Then of course there is the pool.  A 1.4km walk from the house, down a steep incline and you are faced with an impossibly beautiful turquoise pool.  It is fed by a thermal spring so is a constant 27C.  We came here every day and so our holiday was full of nature and walking and swimming and board games, good food & laughter.

web Yarrangobilly 20130005web Yarrangobilly 20130015

web Yarrangobilly 20130013

web Yarrangobilly 20130014

web Yarrangobilly 20130016

web Yarrangobilly 20130002

web Yarrangobilly 20130003


“Learn to like what doesn’t cost much.
Learn to like reading, conversation, music.
Learn to like plain food, plain service, plain cooking.
Learn to like fields, trees, brooks, hiking, rowing, climbing hills.
Learn to like people even though some of them may be different… Different from you.
Learn to like to work and the satisfaction of doing your job as well as it can be done.
Learn to like the song of birds, the companionship of dogs.
Learn to like gardening, puttering around the house, and fixing things.
Learn to like the sunrise and sunset, the beating of rain on the roof and windows, and the gentle fall of snow on a winter day.
Learn to keep your wants simple and refuse to be controlled by the likes and dislikes of others.”

-Lowell C. Bennion

Really like this quote which I plucked from A Well Traveled Woman. xo

Mountain Family

We’ve just spent almost a week up in the Snowy Mountains with my family.  I am feeling so lucky to have been able to do this with absolutely everyone in our family there (except for my sisters boyfriend, sadly).  I am currently in disbelief as I can not accept that I can not just laze around a large, breezy house all day with people I love, go for walks, explore caves and swim all together in the pool in the bush.  It was a luxury, but somehow it feels more like reality to me.

Family holidays are something we only began after I got married and so in a way they represent to me the link to life as a sibling and child, rather than as a spouse or mum. It is almost a welcome reprieve. A chance to step back, be thankful for all the parts of this connected life – as no one is an island, to see life from both sides of the fence, to realise what it is I want to give my children, to reconcile all areas. It merely is what it is and I am thankful that time spent with my family is always fun, sometimes uncomfortable and ever familiar. Familiarity is a wonderful thing.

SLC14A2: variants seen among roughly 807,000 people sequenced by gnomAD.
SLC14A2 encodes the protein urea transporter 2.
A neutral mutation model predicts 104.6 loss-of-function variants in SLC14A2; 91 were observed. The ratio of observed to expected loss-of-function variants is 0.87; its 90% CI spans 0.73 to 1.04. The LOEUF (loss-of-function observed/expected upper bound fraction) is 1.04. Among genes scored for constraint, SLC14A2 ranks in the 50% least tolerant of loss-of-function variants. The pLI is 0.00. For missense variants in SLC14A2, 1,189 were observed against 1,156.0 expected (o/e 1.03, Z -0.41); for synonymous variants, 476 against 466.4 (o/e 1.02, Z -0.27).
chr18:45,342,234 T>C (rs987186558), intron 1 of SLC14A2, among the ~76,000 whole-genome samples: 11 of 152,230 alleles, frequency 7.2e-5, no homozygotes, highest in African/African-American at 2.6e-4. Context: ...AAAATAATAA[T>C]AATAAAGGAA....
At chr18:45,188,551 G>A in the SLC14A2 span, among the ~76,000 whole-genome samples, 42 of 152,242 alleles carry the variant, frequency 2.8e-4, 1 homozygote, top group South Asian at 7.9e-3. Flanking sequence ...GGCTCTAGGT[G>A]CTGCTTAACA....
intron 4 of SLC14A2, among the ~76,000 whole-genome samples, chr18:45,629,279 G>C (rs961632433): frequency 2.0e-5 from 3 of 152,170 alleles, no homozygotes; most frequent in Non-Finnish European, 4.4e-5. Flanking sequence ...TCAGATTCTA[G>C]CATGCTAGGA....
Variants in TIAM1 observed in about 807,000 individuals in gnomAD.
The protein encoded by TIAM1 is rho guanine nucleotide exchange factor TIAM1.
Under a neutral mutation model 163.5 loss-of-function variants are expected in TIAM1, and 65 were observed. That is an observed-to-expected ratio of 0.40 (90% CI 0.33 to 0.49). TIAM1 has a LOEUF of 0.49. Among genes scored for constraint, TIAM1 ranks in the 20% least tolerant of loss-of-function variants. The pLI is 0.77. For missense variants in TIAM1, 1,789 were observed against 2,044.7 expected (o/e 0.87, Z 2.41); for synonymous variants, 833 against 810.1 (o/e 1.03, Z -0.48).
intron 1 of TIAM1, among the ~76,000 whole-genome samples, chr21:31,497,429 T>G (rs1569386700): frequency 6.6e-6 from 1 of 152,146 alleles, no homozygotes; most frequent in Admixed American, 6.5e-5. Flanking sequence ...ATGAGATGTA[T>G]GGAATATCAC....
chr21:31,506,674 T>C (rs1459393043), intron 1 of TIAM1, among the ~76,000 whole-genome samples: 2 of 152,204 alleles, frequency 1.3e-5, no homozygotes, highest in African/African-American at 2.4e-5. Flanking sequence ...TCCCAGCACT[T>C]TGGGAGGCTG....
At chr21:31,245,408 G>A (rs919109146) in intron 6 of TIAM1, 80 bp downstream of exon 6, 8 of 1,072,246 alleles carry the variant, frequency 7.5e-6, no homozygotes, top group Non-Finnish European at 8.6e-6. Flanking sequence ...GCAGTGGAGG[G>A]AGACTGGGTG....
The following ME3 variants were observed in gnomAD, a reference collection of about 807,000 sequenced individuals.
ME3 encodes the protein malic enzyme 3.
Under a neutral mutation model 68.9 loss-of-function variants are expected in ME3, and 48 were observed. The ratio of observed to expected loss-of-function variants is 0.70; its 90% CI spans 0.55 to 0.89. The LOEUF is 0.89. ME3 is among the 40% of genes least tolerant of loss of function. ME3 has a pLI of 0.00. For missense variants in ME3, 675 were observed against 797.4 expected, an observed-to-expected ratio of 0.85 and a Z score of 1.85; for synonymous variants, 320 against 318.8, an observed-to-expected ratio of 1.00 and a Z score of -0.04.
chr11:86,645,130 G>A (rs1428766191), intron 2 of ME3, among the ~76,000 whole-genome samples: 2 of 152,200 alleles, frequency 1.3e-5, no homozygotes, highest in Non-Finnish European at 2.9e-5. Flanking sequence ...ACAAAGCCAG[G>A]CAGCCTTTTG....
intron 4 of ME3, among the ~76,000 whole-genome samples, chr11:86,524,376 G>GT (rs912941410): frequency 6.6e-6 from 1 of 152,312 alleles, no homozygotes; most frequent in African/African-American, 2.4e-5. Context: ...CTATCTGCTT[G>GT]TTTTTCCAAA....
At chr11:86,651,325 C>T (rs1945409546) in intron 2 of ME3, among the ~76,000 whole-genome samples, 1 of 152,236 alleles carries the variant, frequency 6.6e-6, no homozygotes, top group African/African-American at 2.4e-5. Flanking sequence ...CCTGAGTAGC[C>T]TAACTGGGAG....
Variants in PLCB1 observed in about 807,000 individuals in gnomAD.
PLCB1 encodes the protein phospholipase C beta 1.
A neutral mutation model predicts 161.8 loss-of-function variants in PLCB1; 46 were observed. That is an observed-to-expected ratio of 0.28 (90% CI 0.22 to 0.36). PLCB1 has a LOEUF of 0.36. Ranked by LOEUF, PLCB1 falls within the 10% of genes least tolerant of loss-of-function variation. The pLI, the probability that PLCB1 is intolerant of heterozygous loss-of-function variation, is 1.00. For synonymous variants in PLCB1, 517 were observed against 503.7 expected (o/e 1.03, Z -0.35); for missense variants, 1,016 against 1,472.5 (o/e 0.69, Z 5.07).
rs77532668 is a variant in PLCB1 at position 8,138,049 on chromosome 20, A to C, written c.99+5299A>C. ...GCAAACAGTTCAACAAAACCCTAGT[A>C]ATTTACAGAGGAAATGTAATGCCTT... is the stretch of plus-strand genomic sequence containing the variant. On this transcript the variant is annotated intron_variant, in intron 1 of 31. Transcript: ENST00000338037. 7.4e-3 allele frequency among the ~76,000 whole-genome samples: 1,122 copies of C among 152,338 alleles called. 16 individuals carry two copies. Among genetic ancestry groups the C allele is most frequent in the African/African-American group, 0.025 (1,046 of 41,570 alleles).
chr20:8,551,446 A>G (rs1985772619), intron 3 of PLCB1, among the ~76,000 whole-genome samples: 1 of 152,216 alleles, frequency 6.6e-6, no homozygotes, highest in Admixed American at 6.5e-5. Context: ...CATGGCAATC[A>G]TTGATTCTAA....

I once heard, I think it was from a neighbour actually, something that made me appreciate my siblings all over again. It was that, of everyone you are ever in contact with in your life it is your siblings that will know you the longest.  They (sometimes) know you from your birth to your death, or at the very least from your childhood to their death.  They are the ones with whom your memories are bonded, irrevocably and delightfully, in that rosy glow of childhood past.

When I see my Nonna (who is in her eighties) talk to her brother (who is in his nineties) and her sisters (all in their eighties) I appreciate it all anew.  She is in Australia and they are in Italy, but it is still absolutely vital to her that they all remain in contact, perhaps even more important as they stretch toward their centenaries.

I will post photos of this little holiday soon.  It was quite a wonderful one in all its experiences.

Have Bus Will Travel!



Here it is!

Beautiful Big Bedford.  It has come in the nick of time, at the perfect time and is exactly what we were looking for.  After doing over 3000 kms up and down the south east of Australia (from Taree to Melbourne) in the past week we ended up finding our ideal bus only 15 minutes from Henrys familys place, where we have parked it for all the adjustments we will need to make to get it registered and in running order. In the end we did not compromise on any of the essentials that we wanted which were: Fair price, Bedford, Diesel Engine in good condition, sturdy rust-free body, and minimally fitted out – as we would strip it anyway.